The Deaths Of Two Hasidic Masters
These stories are passed on as teachings about how to die.
In these accounts, the Ba'al Shem Tov, the founder of the modern Hasidic movement, and Rabbi Nachman of Bratslav, his great- grandson, teach (through the example of their own deaths) about the importance of facing one's death, the centrality of prayer, the virtue of attending to another's burial--and the possibility that death is not the end. These passages from Histalkut Hanefesh ("The Soul's Leavetaking") are excerpted from Jewish Reflections on Death, Jack Riemer ed. (Schocken Books).
The Ba'al Shem Tov
When the Baal Shem Tov fell ill shortly before his death, he would not take to bed. His body grew weak, his voice faint, and he would sit alone in his room meditating. On the eve of Shavuot, the last evening of his life, his intimates were gathered around him and he preached to them about the giving of the Torah. In the morning he requested that all of them gather together in his room and he taught them how they should care for his body after death. Afterward he asked for a siddur (prayer book) and said, "I wish to commune yet a while with Hashem Yitbarach (the [Divine] Name, may He be blessed)."
Afterward they heard him talking to someone and they inquired with whom he was speaking. He replied, "Do you not see the Angel of Death? He always flees from me, but now he has been given permission to come and flaps his wings and is full of joy." Afterward all the men of the city gathered together to greet him on the holiday [of Shavuot] and he spoke words of Torah to them. Afterward he said, "Until now I have treated you with hesed (loving kindness). Now you must treat me with hesed. (The burial is considered the truest act of hesed, because there is no [possible] repayment.) He gave them a sign that at his death the two clocks in the house would stop.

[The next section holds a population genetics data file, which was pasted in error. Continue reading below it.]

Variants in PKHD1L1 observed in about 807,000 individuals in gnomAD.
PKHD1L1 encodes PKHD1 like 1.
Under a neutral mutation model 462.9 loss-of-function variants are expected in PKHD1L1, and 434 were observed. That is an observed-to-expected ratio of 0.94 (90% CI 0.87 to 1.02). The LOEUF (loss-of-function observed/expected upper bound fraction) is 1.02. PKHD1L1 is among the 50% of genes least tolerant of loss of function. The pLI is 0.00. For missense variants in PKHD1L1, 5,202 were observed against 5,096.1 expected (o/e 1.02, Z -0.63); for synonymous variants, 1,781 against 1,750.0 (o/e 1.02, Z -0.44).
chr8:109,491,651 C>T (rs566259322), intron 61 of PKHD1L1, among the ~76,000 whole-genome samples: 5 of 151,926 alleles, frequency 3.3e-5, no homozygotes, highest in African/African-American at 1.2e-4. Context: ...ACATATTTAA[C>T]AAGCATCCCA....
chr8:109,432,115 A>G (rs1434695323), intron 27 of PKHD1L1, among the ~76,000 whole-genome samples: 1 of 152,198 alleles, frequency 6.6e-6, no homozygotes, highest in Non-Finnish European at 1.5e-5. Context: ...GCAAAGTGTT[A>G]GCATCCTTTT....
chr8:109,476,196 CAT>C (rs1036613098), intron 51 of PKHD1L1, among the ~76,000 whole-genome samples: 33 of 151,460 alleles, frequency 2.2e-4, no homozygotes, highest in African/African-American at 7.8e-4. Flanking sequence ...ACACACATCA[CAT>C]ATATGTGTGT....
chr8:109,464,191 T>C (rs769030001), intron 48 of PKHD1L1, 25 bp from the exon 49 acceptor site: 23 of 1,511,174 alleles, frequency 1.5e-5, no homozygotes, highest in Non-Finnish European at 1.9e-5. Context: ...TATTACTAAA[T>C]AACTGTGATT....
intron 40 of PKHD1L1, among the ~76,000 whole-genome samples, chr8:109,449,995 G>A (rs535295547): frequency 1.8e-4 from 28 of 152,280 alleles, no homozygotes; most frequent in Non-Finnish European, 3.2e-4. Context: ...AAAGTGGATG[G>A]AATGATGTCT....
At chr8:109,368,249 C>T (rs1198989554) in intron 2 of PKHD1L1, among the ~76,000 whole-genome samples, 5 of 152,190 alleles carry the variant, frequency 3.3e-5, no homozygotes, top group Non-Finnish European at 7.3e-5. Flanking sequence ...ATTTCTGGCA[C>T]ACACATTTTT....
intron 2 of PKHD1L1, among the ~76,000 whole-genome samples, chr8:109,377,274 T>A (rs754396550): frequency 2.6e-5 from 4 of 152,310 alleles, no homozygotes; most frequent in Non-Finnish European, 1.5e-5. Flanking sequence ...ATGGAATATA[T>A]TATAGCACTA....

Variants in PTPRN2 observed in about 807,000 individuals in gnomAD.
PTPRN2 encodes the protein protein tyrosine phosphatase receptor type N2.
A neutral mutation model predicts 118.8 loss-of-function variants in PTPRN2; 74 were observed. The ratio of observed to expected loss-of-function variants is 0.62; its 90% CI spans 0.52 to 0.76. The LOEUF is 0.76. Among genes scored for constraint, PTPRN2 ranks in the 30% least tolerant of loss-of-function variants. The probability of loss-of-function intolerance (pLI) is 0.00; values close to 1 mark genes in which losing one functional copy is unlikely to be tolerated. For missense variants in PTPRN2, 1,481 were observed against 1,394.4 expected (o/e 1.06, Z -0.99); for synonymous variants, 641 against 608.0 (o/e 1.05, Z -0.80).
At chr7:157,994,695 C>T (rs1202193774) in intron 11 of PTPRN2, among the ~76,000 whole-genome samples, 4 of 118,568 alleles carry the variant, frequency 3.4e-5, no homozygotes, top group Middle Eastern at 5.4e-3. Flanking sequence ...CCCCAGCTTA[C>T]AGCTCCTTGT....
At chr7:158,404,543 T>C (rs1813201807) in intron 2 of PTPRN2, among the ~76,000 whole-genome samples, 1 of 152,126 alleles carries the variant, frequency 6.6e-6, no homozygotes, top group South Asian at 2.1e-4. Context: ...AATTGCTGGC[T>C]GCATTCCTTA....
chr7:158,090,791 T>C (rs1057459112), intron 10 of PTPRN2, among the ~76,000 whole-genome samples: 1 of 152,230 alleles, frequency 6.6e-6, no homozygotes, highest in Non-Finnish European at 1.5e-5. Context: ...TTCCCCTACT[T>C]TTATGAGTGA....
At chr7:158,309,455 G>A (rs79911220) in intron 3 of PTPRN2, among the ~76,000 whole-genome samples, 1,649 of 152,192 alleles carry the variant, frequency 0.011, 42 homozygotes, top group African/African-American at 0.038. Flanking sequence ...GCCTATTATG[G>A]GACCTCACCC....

While he was washing his hands, the large clock stopped and some of the men immediately stood in front of it so that the others should not see it. He said to them, "I am not worried about myself, for I know clearly that I shall go from this door and immediately I shall enter another door." He sat down on his bed and told them to stand around him. He spoke words of Torah and ordered them to recite the verse [from Psalms]: "And let Thy graciousness, O Lord our God, be upon us; establish Thou also the work of our hands for us; Yea the work of our hands establish Thou it." He lay down and sat up many times and prayed with great kavanah [intention] and devotion, until the syllables of his words could no longer be distinguished. He told them to cover him with blankets and began to shake and tremble as he used to do when he prayed the Silent Prayer [also known as the Amidah or "standing prayer"]. Then little by little he grew quiet. At that moment they saw that the small clock too had stopped. They waited and saw that he had died. He died on Shavuot, 1760.